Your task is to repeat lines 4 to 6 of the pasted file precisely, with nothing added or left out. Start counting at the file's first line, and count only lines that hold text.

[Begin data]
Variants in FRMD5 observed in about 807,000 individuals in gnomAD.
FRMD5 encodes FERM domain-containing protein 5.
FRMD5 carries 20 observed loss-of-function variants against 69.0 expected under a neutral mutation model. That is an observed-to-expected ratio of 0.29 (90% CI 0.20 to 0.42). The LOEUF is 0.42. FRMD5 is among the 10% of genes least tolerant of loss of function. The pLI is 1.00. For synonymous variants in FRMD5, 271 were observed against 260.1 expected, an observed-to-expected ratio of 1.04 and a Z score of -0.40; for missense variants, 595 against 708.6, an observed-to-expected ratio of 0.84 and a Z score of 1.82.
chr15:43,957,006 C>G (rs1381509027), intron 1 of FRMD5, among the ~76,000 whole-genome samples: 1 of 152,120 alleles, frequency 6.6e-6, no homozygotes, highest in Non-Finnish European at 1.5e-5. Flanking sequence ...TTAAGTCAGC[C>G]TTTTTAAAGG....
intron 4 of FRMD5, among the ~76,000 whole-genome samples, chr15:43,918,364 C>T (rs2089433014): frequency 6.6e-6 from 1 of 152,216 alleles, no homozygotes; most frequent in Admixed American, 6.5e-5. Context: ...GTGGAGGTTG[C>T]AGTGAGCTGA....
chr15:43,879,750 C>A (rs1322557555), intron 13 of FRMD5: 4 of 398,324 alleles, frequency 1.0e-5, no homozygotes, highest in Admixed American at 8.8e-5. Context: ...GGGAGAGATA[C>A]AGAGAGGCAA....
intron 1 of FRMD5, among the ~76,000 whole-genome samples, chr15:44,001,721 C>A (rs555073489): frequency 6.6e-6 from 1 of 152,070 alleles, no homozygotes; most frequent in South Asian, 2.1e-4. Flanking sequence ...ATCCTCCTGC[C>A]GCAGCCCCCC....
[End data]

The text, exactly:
chr15:43,957,006 C>G (rs1381509027), intron 1 of FRMD5, among the ~76,000 whole-genome samples: 1 of 152,120 alleles, frequency 6.6e-6, no homozygotes, highest in Non-Finnish European at 1.5e-5. Flanking sequence ...TTAAGTCAGC[C>G]TTTTTAAAGG....
intron 4 of FRMD5, among the ~76,000 whole-genome samples, chr15:43,918,364 C>T (rs2089433014): frequency 6.6e-6 from 1 of 152,216 alleles, no homozygotes; most frequent in Admixed American, 6.5e-5. Context: ...GTGGAGGTTG[C>T]AGTGAGCTGA....
chr15:43,879,750 C>A (rs1322557555), intron 13 of FRMD5: 4 of 398,324 alleles, frequency 1.0e-5, no homozygotes, highest in Admixed American at 8.8e-5. Context: ...GGGAGAGATA[C>A]AGAGAGGCAA....